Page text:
On the other side of these contracts are banks, brokers, and hedge funds, linked in destiny by a nexus of interlocking claims. This is counterparty spaghetti. To make matters worse, Lehman Brothers, UBS, and Citigroup were all wobbling on the back foot as the hurricane hit.

“Twenty years ago the Fed would have let Bear Stearns go bust,” said Willem Sels, a credit specialist at Dresdner Kleinwort. “Now it is too interlinked to fail.”

The International Swaps and Derivatives Association says the vast headline figures in the contracts are meaningless. Positions are off-setting. The actual risk is magnitudes lower.

The Bank for International Settlements uses a concept of “gross market value” to weight the real exposure. This is roughly 2 per cent of the notional level. For Bear Stearns this would be $270bn, or so.

“There is no real way to gauge the market risk,” said an official

“We don’t know how much is backed by collateral. We don’t know what would happen in a crisis, and if we don’t know, nobody does,” he said.

Under the rescue deal, JP Morgan Chase will take over Bear Stearns’ $13.4 trillion contracts – lock, stock, and barrel.

But JP Morgan is already up to its neck in this soup, with $77 trillion of contracts. It will now have $90 trillion on its books, a sixth of the global market.

Risk is being concentrated further. There are echoes of the old reinsurance chains at Lloyd’s, but on a vaster scale.

The most neuralgic niche is the $45 trillion market for credit default swaps (CDS). These CDS swaps are a way of betting on the credit quality of companies without having to buy the underlying bonds, which are less liquid. They have long been the bête noire of New York Fed chief Timothy Geithner, alarmed that 10 banks make up 89 per cent of the contracts.

“The same names show up in multiple types of positions. These create the potential for squeezes in cash markets, magnifying the risk of adverse dynamics,” he said.

“They could increase systemic risk, by amplifying rather than dampening the movement in asset prices,” he said.

This is what happened as the banking crisis gathered pace. The CDS spreads measuring default risk on Bear Stearns debt rocketed from 246 to 792 in a single day on March 13 amid – untrue – rumours that the broker was preparing to invoke bankruptcy protection.

Was it the spike in spreads that set off the panic run on Bear Stearns by New York insiders? Or are the CDS spreads merely serving as a barometer?

In the old days it was hard for speculators to take “short” bets on bonds. Credit derivatives open up a whole new game.

“It is now much easier to short credit, ” said James Batterman, a derivatives expert at Fitch Ratings in New York. “CDS swaps can be used for speculation, and that can cause skittish markets to overshoot,” he said.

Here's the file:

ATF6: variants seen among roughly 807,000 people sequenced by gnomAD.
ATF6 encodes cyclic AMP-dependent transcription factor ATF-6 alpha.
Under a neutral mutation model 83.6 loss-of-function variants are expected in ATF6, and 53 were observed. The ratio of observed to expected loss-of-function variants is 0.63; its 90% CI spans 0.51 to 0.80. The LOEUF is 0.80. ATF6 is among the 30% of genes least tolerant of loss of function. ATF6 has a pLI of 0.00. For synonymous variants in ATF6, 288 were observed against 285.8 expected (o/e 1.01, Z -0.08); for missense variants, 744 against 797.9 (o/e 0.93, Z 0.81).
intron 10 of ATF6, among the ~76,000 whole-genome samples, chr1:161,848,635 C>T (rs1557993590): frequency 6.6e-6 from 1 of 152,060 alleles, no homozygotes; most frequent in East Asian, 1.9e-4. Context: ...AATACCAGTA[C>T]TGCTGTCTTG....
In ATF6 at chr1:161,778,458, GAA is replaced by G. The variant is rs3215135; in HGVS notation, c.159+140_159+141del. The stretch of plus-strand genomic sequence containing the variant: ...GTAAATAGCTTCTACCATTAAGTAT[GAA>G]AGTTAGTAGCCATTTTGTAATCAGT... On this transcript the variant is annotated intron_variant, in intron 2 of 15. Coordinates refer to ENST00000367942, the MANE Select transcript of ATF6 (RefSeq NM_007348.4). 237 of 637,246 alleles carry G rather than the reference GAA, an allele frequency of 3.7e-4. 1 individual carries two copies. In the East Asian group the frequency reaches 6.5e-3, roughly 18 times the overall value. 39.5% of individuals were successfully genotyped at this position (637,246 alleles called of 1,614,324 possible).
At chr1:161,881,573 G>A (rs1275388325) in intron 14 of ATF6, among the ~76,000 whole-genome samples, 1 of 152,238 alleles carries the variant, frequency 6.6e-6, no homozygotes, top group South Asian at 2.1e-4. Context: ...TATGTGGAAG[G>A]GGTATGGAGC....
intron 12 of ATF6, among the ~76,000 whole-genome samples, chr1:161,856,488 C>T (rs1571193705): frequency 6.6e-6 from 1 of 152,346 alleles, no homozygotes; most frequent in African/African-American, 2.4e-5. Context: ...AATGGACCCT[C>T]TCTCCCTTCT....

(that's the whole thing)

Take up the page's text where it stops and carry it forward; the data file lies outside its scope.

For now the meltdown panic has subsided. Yet the hottest document flying around the City last week was a paper by Barclays Capital probing what might happen in a counterparty default.

It is not for bedtime reading. Direct losses from a CDS breakdown alone could be $80bn, but the potential risks are much greater.

In theory, the contracts are matching. One sides loses, the other gains, operating through a neutral counterparty (ie Bear Stearns). But if the system seizes up, the mechanism is not neutral at all. It becomes viciously one-sided.

“Upon the default of the counterparty, [traded] derivatives would be immediately repriced, with spreads widening dramatically,” said the Barclays report.

This is “gap risk”, the stuff of trading nightmares. Fortunes can vanish in a moment.

One side would suddenly be trapped with staggering losses on their books. Yet the winners would be unable to collect their prize from the insolvent bank in the middle. It would take years to unravel all the claims in court. By then the financial landscape would be a scene of carnage.

Warren Buffett famously described derivatives as “weapons of mass financial destruction”. The analogy is suspect, of course. Allied troops never found the alleged weapons in Iraq.

This time, Washington’s pre-emptive shock and awe may have been well-advised.

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  1. TallIndian

    I surprised share holders in other investment banks aren’t clamoring for adoption of such poison pills as sale of a compay for anything less that 15% of its previous close would require the immediate filing of bankruptcy and stop all payment to bond holders (unless approved by 2/3 of the share holders).

    These articles about derivatives exposures also fail to seperate interest rate derivatives from credit derivatives.

    The default risk on interest rate derivatives is a fraction of the notional value and can be easily handled by margining.

    Credit derivatives are an entirely different animal!

  2. Yves Smith


    Agreed re interest rate v. credit derivatives, and thanks for bringing that up. It was an oversight not to have mentioned it.

  3. Jojo

    John Mauldin and others have also piled on the bandwagon. It seems a lot of people are trying hard to justify that the FED did the right thing at the right time. Why?

    Maybe they don’t want the FED to be scared off next time around, so an attaboy is good insurance?

    Or maybe they really do believe that a calamity was about to happen and again, the FED rode to the rescue just in time.

    Me, I think the FED over-reacted and the Bear shareholders got screwed royally.

  4. TallIndian

    JoJo, your point is well taken.

    Not to turn this into a political forum and apoligize being so long winded, but to us old timers, the BSC taking brings back chilling memories of the federal seizure of Franklin Savings in 1990.